News·4 min read

Daily Skimm: Oklahoma, Baby formula, and Rihanna

A crowd outside the Supreme Court protesting a draft ruling
Julie Shain
May 20, 2022

The Story

Oklahoma’s on track to pass the strictest abortion ban in the country.

What’s it doing?

Yesterday, the state legislature passed a bill that would ban all abortions after fertilization — except in a medical emergency or certain instances of rape and incest. Not just any case of rape and incest — the victim would have to show they reported it to the police. Private citizens can sue anyone that tries to help a woman get an abortion including, doctors and Uber drivers. If successful, that person would be given at least $10,000. The legislation goes a step beyond its law from about two weeks ago, which banned abortions after about six weeks. 

And this is happening because…

Roe v. Wade. Earlier this month, Politico revealed a leaked draft decision from SCOTUS to overturn the 1973 ruling that legalized abortion in the US. To be clear: abortion is still a constitutional right in the US. But the SCOTUS decision is expected to be finalized by June or July — turning all abortion-related decisions to the states. Pro- and anti-abortion states are lining up new laws in preparation. But many worry the potential law might go beyond abortion.

Go on.

The idea that life begins at fertilization has people worried it could impact things like IVF and miscarriage treatments. The bill says fertilization is the moment when egg and sperm meet — not when the egg is implanted. And says it would not apply to contraception and emergency contraception like Plan B and IUDs. Next up: Gov. Kevin Stitt (R) — who pledged to make the state “the most pro-life” in the US — plans to sign it into law.


For 49 years, abortion access was protected under the principle that there’s an implicit right to privacy. That precedent is expected to end within weeks — and this is a peek into what some states are preparing to do next.

What parents need, now…

Baby formula. Yesterday, the Senate unanimously passed the House’s bill to add flexibility to WIC benefits. The federal nutrition program for women, infants, and children is the largest infant formula buyer in the country — making up about half of all formula purchases. Currently, low-income parents relying on WIC vouchers can only buy baby formula from manufacturers that have a contract with the state they live in. That often includes Enfamil and Similac and comes with size restrictions. But the approved legislation would waive the contract requirements for emergencies (like during a formula shortage), and allow mothers to purchase other formulas available without having to pay out of pocket. It comes as almost half of all baby formula options have been out of stock across the US, with parents going to countless stores to try to find options.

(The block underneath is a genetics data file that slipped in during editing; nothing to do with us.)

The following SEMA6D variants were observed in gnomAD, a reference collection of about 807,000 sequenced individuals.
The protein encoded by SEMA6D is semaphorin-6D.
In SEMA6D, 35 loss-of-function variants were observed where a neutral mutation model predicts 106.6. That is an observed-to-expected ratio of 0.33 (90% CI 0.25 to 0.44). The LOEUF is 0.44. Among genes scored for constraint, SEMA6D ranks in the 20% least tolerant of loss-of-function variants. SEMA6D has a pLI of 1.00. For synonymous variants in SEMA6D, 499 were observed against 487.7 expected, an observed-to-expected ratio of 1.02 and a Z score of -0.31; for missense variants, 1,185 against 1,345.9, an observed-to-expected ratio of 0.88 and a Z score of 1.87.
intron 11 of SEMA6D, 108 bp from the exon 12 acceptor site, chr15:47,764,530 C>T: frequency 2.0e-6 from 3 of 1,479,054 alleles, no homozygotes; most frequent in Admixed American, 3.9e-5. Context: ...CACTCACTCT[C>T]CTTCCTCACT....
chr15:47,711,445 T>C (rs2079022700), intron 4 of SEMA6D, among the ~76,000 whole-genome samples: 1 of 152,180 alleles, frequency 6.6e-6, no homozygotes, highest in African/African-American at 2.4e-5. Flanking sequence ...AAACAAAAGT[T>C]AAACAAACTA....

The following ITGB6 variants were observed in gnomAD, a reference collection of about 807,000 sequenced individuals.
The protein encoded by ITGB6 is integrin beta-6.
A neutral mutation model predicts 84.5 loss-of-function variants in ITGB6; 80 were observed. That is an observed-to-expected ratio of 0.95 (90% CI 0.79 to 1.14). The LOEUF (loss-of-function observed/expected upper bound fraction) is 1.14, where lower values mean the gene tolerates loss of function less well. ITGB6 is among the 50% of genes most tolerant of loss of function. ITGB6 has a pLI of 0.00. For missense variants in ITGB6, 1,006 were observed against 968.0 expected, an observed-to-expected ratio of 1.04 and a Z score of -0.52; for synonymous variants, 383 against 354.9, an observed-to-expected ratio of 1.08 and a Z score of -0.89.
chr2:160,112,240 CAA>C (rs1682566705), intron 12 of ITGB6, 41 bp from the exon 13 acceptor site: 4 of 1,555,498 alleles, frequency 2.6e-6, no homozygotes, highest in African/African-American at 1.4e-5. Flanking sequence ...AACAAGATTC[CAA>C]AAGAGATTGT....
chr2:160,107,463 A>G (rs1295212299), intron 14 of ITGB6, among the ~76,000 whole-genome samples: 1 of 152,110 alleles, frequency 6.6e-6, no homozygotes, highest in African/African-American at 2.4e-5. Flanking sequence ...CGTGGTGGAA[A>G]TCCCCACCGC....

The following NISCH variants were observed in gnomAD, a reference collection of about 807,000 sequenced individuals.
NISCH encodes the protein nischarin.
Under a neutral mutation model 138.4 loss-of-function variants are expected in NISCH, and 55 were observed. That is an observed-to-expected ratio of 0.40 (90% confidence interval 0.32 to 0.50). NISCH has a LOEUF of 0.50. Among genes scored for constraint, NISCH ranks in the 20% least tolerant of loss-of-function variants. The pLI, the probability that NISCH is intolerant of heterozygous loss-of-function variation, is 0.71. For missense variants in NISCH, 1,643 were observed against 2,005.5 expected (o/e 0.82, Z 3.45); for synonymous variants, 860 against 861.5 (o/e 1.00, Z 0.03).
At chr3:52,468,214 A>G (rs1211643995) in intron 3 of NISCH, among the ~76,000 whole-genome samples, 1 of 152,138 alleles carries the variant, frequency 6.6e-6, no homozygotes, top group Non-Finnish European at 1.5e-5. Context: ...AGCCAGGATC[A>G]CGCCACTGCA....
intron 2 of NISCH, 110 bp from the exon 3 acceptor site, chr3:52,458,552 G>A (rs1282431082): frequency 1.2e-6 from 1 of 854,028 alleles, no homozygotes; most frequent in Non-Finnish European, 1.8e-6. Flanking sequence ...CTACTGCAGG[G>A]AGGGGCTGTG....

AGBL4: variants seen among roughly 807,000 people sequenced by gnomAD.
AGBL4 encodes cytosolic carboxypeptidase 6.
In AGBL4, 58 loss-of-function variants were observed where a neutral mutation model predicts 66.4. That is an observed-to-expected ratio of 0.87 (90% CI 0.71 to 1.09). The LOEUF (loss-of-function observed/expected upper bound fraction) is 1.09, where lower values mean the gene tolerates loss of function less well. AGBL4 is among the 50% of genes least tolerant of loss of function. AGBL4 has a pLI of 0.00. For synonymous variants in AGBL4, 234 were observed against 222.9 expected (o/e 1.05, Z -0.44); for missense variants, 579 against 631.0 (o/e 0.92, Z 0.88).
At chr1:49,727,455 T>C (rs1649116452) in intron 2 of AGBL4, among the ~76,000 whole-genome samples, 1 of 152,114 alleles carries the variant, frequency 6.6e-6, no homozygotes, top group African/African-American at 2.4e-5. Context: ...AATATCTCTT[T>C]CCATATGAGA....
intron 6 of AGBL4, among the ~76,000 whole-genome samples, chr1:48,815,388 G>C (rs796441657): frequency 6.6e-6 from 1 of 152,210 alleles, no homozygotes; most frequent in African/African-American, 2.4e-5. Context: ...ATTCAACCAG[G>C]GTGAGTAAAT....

…Oh and one thing that’s not getting the same support: more funding for the FDA. A Democratic House bill to give the FDA $28 million in emergency funding is waiting to learn its fate in the Senate. Republicans argue it’d just be throwing money at a problem with no solution. 

When the advice for interviews is to ‘fake it ‘til you make it’...

Not like this. Yesterday, a New York Times report alleged that Wells Fargo tried to boost its diversity efforts by holding interviews for jobs already filled. In 2020, the bank vowed to increase its diversity during a national reckoning over systemic racism. It adopted a policy requiring teams to interview diverse candidates for positions paying more than $100,000. Now, a dozen former and current employees are coming forward to say they were pushed to arrange “fake interviews” to try to show that efforts were being made to be more diverse — even if the position had already been promised to someone else. One employee who raised concerns says he was later fired. Wells Fargo is saying it doesn't "tolerate" that sort of behavior.

Who’s in the spotlight yet again…

Elon Musk. Yesterday, a report revealed that a SpaceX flight attendant had accused the billionaire of sexual misconduct. The report says the incident came to light after a friend came forward. The flight attendant, who was a contract employee for SpaceX’s corporate plane, reportedly alleged that in 2016 Musk exposed himself to her, touched her, and asked for an erotic massage in exchange for a horse. Years later, she filed a sexual misconduct claim with SpaceX and settled for $250,000 as long as she didn’t sue or talk about the settlement. Musk has denied the assault allegations, calling them a “politically motivated hit piece” and that there’s “a lot more to this story.”

What's getting the green light...

Boosters for kids. Yesterday, the CDC signed off on COVID-19 booster shots for elementary-age kids. The FDA gave its approval earlier this week after an independent study found that the booster produced an antibody response to the virus.

Who’s off the street and breaking barriers…

Billy Eichner.

PS: Here are some other blockbusters to watch.

While Harry Styles welcomes a new album…

Rihanna and A$AP Rocky have reportedly welcomed a baby.

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